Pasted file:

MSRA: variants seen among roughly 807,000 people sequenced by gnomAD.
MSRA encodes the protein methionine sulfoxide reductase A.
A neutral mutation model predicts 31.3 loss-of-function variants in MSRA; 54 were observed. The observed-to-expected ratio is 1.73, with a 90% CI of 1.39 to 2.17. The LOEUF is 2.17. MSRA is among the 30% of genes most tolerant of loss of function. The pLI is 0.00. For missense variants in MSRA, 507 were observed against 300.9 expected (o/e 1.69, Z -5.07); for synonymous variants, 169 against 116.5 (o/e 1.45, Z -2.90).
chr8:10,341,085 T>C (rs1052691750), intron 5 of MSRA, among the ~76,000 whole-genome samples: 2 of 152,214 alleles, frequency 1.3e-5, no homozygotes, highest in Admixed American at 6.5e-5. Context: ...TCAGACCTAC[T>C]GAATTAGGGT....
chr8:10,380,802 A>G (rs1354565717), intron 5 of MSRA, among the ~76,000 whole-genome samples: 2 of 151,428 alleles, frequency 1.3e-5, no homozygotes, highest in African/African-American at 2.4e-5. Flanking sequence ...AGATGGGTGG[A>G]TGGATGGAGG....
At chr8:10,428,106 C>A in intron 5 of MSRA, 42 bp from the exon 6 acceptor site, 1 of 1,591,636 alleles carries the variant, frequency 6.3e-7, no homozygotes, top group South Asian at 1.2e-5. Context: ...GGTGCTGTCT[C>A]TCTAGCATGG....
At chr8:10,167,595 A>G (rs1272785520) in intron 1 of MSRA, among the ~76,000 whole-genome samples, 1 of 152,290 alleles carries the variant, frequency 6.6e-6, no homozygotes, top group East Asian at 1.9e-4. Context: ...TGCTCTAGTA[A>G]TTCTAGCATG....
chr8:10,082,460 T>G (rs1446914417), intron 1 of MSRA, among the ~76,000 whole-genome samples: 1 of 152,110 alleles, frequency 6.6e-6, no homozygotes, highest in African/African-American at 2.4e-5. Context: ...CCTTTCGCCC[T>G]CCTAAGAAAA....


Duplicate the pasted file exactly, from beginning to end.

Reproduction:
MSRA: variants seen among roughly 807,000 people sequenced by gnomAD.
MSRA encodes the protein methionine sulfoxide reductase A.
A neutral mutation model predicts 31.3 loss-of-function variants in MSRA; 54 were observed. The observed-to-expected ratio is 1.73, with a 90% CI of 1.39 to 2.17. The LOEUF is 2.17. MSRA is among the 30% of genes most tolerant of loss of function. The pLI is 0.00. For missense variants in MSRA, 507 were observed against 300.9 expected (o/e 1.69, Z -5.07); for synonymous variants, 169 against 116.5 (o/e 1.45, Z -2.90).
chr8:10,341,085 T>C (rs1052691750), intron 5 of MSRA, among the ~76,000 whole-genome samples: 2 of 152,214 alleles, frequency 1.3e-5, no homozygotes, highest in Admixed American at 6.5e-5. Context: ...TCAGACCTAC[T>C]GAATTAGGGT....
chr8:10,380,802 A>G (rs1354565717), intron 5 of MSRA, among the ~76,000 whole-genome samples: 2 of 151,428 alleles, frequency 1.3e-5, no homozygotes, highest in African/African-American at 2.4e-5. Flanking sequence ...AGATGGGTGG[A>G]TGGATGGAGG....
At chr8:10,428,106 C>A in intron 5 of MSRA, 42 bp from the exon 6 acceptor site, 1 of 1,591,636 alleles carries the variant, frequency 6.3e-7, no homozygotes, top group South Asian at 1.2e-5. Context: ...GGTGCTGTCT[C>A]TCTAGCATGG....
At chr8:10,167,595 A>G (rs1272785520) in intron 1 of MSRA, among the ~76,000 whole-genome samples, 1 of 152,290 alleles carries the variant, frequency 6.6e-6, no homozygotes, top group East Asian at 1.9e-4. Context: ...TGCTCTAGTA[A>G]TTCTAGCATG....
chr8:10,082,460 T>G (rs1446914417), intron 1 of MSRA, among the ~76,000 whole-genome samples: 1 of 152,110 alleles, frequency 6.6e-6, no homozygotes, highest in African/African-American at 2.4e-5. Context: ...CCTTTCGCCC[T>G]CCTAAGAAAA....